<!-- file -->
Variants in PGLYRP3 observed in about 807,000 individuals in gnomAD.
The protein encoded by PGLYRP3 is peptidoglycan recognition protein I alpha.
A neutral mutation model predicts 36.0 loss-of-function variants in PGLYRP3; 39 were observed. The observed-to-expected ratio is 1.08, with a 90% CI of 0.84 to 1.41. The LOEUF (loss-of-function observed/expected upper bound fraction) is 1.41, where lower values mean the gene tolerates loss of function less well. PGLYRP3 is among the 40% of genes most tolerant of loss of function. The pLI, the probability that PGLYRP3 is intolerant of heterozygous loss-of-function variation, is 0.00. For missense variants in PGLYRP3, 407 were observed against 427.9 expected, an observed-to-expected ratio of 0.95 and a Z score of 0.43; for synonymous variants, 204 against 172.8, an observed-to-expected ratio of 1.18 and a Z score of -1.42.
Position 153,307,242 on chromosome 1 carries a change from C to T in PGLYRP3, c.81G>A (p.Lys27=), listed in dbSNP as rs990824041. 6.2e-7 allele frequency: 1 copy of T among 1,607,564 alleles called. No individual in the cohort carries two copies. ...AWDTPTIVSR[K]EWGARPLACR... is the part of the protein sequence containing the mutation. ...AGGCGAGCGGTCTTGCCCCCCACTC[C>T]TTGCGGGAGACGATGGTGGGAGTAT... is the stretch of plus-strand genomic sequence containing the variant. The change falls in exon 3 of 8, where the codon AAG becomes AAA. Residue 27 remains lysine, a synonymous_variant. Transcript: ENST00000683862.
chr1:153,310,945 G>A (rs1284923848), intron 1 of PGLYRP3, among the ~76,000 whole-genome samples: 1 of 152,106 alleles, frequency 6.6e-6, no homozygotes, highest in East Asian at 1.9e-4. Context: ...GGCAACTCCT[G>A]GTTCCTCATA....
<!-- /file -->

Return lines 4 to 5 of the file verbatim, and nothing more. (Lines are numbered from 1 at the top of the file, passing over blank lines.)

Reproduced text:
Position 153,307,242 on chromosome 1 carries a change from C to T in PGLYRP3, c.81G>A (p.Lys27=), listed in dbSNP as rs990824041. 6.2e-7 allele frequency: 1 copy of T among 1,607,564 alleles called. No individual in the cohort carries two copies. ...AWDTPTIVSR[K]EWGARPLACR... is the part of the protein sequence containing the mutation. ...AGGCGAGCGGTCTTGCCCCCCACTC[C>T]TTGCGGGAGACGATGGTGGGAGTAT... is the stretch of plus-strand genomic sequence containing the variant. The change falls in exon 3 of 8, where the codon AAG becomes AAA. Residue 27 remains lysine, a synonymous_variant. Transcript: ENST00000683862.
chr1:153,310,945 G>A (rs1284923848), intron 1 of PGLYRP3, among the ~76,000 whole-genome samples: 1 of 152,106 alleles, frequency 6.6e-6, no homozygotes, highest in East Asian at 1.9e-4. Context: ...GGCAACTCCT[G>A]GTTCCTCATA....